Your little hero ship is equipped with an energy shield, which protects you from damage and regenerates to a point. But eventually, your shield seems to give up the ghost and stops rebuilding itself. Luckily, the player can die an infinite number of times in a game, so long as they continue to keep the growing swarm away from the sun. However, once the attacks become heavy, having your ship explode almost always equates to a game over. The time it takes to respawn is usually more than enough for baddies to blow up your precious star.

To help combat the bad guys, the player gets to stack their ship before staring with picks from a number of different weapons with which to arm their spaceship. After trying out all of the options, I pretty quickly settled into my loadout of choice, as demonstrated in this gameplay video:

If that gameplay looks fun, that’s because it is. I eliminated my voice track from the video due to the non-stop swearing towards the end (and one instance of me yelling at my kid to “GET OUT!” when he wandered in). As you can see in the video, Never Not Shooting ramps really nicely, letting the player get their bearings before unleashing hell. There are also occasional lulls in the action, which allows players to scratch their noses and wipe the sweat from their brows.

I prefer the homing missiles and the proximity laser as my primary and secondary weapons of choice, as both take some of the responsibility of “aiming” off of my plate. The homing missiles will seek out and destroy enemies (to a point). And the super-useful proximity laser will lash out at and destroy any enemies in your direct vicinity, mitigating a lot of collision damage that I would have surely suffered otherwise. A third “special” weapon is available, but to be honest, I mostly forgot that it was there.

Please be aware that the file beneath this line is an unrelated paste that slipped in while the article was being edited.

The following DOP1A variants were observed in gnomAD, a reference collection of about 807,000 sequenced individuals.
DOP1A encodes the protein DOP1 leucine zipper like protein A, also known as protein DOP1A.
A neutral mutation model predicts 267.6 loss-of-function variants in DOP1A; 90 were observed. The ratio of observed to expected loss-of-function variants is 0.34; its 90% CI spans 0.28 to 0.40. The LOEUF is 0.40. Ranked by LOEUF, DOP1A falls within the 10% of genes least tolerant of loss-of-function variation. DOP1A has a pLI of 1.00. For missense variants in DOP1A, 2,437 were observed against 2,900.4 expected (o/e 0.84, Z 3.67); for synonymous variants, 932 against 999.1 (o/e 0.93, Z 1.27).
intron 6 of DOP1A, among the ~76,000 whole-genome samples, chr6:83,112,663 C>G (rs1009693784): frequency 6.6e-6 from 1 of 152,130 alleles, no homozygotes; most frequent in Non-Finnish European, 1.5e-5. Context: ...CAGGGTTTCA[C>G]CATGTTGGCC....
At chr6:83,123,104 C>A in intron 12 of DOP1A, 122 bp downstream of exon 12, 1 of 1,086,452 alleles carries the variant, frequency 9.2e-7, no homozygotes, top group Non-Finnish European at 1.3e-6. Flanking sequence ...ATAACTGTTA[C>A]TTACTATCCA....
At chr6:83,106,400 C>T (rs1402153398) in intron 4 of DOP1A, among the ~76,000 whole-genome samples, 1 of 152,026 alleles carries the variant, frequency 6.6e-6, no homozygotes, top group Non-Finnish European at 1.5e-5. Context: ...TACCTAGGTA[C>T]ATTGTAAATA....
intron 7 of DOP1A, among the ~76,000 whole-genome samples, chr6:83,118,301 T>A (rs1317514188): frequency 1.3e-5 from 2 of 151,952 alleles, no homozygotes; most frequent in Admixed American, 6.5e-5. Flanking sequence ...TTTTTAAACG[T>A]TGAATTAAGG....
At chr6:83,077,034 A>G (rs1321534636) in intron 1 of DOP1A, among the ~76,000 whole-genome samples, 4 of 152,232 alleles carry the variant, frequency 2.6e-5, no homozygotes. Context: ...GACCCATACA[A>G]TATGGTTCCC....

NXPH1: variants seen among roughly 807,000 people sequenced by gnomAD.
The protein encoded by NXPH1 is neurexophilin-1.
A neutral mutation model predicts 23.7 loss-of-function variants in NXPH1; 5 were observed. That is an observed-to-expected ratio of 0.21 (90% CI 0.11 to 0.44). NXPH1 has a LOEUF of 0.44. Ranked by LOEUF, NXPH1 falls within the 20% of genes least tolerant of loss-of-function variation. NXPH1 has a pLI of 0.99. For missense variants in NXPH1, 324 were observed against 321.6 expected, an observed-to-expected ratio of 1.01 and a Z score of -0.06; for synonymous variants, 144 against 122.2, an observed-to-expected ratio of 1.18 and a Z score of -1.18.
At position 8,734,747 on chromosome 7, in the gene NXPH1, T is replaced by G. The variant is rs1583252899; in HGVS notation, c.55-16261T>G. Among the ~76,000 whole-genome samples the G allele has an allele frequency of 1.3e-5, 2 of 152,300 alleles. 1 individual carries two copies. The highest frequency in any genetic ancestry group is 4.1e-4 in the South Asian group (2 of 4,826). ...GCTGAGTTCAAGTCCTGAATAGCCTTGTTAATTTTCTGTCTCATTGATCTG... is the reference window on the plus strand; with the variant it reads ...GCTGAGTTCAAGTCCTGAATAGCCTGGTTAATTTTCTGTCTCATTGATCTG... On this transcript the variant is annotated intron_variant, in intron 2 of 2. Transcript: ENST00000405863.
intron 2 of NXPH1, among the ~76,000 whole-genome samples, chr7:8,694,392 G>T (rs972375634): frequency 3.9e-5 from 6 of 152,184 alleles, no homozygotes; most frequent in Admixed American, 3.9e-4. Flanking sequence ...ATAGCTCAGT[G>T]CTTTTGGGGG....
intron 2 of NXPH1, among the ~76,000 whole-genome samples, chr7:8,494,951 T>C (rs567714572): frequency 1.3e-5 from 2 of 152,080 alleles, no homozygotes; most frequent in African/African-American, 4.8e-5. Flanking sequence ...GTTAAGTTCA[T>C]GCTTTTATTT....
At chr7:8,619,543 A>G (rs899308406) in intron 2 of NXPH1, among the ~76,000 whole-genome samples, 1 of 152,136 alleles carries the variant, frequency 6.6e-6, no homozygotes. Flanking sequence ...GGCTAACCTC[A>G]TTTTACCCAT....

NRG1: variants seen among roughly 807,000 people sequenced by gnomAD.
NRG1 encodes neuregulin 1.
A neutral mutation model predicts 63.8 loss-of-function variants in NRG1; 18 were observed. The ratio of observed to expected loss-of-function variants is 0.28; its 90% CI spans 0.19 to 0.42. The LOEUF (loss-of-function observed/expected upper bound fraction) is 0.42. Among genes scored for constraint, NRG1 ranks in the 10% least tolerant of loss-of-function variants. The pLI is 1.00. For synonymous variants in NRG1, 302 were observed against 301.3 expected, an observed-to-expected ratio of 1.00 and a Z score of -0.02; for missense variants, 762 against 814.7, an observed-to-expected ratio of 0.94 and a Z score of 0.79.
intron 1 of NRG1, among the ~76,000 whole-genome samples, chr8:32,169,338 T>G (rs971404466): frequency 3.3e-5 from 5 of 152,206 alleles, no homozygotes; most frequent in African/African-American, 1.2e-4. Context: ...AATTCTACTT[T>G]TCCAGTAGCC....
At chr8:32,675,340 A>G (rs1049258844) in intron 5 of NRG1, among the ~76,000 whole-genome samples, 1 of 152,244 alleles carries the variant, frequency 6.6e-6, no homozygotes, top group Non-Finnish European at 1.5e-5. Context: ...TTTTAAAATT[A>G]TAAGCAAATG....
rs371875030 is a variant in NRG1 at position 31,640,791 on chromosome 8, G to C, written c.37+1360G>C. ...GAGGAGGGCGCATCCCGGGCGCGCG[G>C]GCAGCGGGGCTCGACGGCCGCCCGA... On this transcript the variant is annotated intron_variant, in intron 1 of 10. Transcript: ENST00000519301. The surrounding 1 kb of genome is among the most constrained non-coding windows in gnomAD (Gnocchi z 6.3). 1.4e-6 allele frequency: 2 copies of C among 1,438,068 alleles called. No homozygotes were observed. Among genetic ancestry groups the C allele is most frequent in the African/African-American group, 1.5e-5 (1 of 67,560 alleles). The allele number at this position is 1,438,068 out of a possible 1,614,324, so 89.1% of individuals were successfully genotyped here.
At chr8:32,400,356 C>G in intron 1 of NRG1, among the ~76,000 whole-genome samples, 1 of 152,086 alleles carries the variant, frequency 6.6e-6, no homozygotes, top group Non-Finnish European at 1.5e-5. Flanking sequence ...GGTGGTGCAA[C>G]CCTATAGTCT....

Once you have your weapons locked in (and your color palate secured), you are ready to start chasing your previous high score. This is one of those games that pulls players into a loop of “one more time” gameplay, as it tracks both high scores and how long players can survive. Rounds can easily go for ten minutes after you get a bit of practice, which means that if Never Not Shooter truly were an arcade game, it would totally be worth the twenty-five-cent investment. Enemies spawn randomly, which lends a lot of variety and re-playability to an already highly re-playable game.